The disturbing revelations emanating from the current trial of Ibrahim Magu, the former acting Chairman of the EFCC, speak volumes about the weak internal control system in an agency established to fight financial and money laundering crimes in the country.
Internal control system is simply the system of controls put in place by the management of an organisation to safeguard its assets and ensure it is run in an efficient and effective manner.
A key element of internal control system is segregation of duties such that no one individual initiates and executes a transaction to the end regardless of the position in the organisation.
If this were in place in EFCC, then Magu would not allegedly get the opportunity to initiate recoveries, receive the money and decide where such money is kept.
Strong internal control system would have placed the responsibility to receive such money in another official while yet another or better still, a committee decides the bank for the lodgment of the funds.
Another official/department, not being a part of the Committee, is then saddled with the task of monitoring the funds and regularly reporting on movements in such accounts.
The mind-boggling allegations against Magu leaves one with the conclusion that the system of Internal control in EFCC is weak in all its ramifications. Compliance to a system of internal check and adequate accounting and reporting procedures would have saved the country the embarrassment of having the anti-corruption czar standing trial for corruption.
It will be recalled that Ibrahim Magu was appointed in 2015 as acting Chairman of the EFCC. That the alleged infractions and sharp practices are being made manifest five years after points to failure of internal control system.
If it were not so, the system would have automatically thrown up the discrepancies between recoveries reported in its financial records and the amount lodged in the bank to the tune of over N39 billion according to newspaper reports. It would also have been difficult for interest on bank deposits to develop wings since regular monitoring and bank reconciliations would have been entrenched.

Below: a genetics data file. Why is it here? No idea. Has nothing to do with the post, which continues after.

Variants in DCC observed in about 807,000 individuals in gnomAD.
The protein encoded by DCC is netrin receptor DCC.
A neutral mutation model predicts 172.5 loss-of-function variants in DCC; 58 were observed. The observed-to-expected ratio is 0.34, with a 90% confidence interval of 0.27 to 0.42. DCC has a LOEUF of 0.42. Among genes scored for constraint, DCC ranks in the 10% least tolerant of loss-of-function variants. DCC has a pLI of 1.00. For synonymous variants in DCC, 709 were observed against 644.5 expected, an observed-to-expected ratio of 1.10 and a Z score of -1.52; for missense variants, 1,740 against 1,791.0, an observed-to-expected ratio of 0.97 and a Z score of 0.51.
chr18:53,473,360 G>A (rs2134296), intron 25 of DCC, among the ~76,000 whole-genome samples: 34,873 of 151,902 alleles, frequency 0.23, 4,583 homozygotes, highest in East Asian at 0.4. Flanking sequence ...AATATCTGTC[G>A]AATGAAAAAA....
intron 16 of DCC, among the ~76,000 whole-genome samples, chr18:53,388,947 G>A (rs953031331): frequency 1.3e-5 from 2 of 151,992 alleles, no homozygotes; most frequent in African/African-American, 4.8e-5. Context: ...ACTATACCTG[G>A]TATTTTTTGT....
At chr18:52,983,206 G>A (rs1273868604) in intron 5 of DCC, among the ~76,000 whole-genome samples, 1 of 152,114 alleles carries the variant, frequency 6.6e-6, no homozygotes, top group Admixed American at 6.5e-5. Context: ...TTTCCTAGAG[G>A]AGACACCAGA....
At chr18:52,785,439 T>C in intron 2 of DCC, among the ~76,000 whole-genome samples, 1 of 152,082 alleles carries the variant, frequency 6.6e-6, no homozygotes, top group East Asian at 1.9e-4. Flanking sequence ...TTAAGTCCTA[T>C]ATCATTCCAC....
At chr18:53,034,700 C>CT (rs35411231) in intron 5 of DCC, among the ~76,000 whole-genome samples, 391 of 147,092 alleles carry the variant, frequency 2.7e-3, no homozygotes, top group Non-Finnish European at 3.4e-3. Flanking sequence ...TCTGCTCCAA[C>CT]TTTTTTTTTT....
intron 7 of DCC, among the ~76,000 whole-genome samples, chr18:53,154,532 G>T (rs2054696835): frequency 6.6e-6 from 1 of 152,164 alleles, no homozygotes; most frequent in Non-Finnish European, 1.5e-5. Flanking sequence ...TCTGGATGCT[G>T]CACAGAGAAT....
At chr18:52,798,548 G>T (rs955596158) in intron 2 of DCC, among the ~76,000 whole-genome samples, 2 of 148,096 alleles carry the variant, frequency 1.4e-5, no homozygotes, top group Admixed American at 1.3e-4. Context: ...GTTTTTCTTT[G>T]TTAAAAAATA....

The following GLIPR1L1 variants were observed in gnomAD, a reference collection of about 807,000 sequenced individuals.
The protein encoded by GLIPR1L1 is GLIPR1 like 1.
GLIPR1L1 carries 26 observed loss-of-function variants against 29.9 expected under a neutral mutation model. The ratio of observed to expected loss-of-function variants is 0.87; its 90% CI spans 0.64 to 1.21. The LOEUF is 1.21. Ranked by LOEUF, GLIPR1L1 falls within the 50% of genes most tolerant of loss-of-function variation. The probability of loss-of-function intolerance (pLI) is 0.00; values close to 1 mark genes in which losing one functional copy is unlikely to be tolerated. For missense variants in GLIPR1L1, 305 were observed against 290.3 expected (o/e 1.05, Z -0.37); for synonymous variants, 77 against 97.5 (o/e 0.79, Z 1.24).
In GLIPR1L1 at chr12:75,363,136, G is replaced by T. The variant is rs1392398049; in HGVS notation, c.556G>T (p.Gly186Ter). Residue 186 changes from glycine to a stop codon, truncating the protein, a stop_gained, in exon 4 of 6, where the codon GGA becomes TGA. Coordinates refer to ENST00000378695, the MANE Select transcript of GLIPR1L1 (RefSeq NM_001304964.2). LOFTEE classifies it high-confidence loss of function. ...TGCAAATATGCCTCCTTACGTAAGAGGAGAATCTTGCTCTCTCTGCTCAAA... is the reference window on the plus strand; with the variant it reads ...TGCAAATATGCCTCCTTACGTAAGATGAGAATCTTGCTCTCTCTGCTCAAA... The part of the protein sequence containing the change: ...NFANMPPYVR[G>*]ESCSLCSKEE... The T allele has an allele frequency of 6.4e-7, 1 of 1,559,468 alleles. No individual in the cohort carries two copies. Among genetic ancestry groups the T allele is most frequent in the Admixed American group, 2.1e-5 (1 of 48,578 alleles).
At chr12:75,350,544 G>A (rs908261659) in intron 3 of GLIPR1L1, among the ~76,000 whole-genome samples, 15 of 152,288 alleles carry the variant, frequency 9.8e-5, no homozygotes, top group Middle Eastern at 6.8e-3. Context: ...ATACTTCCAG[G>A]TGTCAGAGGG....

Essentially, Magu’s case brings to the fore the need for the government to place more premium on strengthening institutions as no individual is indispensable when it comes to the fight against all forms of corruption.
As part of the required measures, the government should move with speed and get the new acting chairman to overhaul the internal control department of EFCC by reposting all the staff and engaging a reputable accounting/consulting firm to deploy some of its staff on secondment to EFCC.
This consulting firm will be responsible to employ new set of staff that will undergo training under the firm’s staff on secondment for at least one year in the first instance.
It may also have to upgrade associated IT infrastructure for effective control system.
In addition, the Supervising Ministry of Justice should be required to engage a separate firm of external auditors to be carrying out continuous (as opposed to periodic) audit on the accounts of EFCC.
Continuous external audit is equally recommended for ICPC, CCB and all anti graft agencies in Nigeria.
As studies have shown, the application of strong internal control system coupled with continuous external audit is the panacea to the high level of corruption in public sector organisations.
*Uwaleke is a Professor of capital market at the Nasarawa State University Keffi and a Fellow of the Institute of Chartered Accountants of Nigeria